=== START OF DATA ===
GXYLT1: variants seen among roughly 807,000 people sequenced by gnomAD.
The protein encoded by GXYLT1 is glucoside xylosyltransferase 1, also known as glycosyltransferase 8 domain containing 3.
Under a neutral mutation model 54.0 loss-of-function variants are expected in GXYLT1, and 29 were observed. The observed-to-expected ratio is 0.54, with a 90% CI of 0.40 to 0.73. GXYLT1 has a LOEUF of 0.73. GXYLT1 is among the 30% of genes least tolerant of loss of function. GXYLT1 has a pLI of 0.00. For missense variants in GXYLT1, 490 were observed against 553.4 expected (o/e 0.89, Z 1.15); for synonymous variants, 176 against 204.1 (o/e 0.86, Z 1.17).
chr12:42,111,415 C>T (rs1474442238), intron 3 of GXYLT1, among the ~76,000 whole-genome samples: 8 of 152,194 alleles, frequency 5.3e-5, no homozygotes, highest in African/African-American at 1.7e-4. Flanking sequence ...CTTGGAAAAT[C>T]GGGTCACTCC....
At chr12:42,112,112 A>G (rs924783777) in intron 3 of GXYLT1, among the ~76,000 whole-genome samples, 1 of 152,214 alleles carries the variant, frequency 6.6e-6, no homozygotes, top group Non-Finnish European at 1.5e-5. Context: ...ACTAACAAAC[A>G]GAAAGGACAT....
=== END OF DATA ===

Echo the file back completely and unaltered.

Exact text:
GXYLT1: variants seen among roughly 807,000 people sequenced by gnomAD.
The protein encoded by GXYLT1 is glucoside xylosyltransferase 1, also known as glycosyltransferase 8 domain containing 3.
Under a neutral mutation model 54.0 loss-of-function variants are expected in GXYLT1, and 29 were observed. The observed-to-expected ratio is 0.54, with a 90% CI of 0.40 to 0.73. GXYLT1 has a LOEUF of 0.73. GXYLT1 is among the 30% of genes least tolerant of loss of function. GXYLT1 has a pLI of 0.00. For missense variants in GXYLT1, 490 were observed against 553.4 expected (o/e 0.89, Z 1.15); for synonymous variants, 176 against 204.1 (o/e 0.86, Z 1.17).
chr12:42,111,415 C>T (rs1474442238), intron 3 of GXYLT1, among the ~76,000 whole-genome samples: 8 of 152,194 alleles, frequency 5.3e-5, no homozygotes, highest in African/African-American at 1.7e-4. Flanking sequence ...CTTGGAAAAT[C>T]GGGTCACTCC....
At chr12:42,112,112 A>G (rs924783777) in intron 3 of GXYLT1, among the ~76,000 whole-genome samples, 1 of 152,214 alleles carries the variant, frequency 6.6e-6, no homozygotes, top group Non-Finnish European at 1.5e-5. Context: ...ACTAACAAAC[A>G]GAAAGGACAT....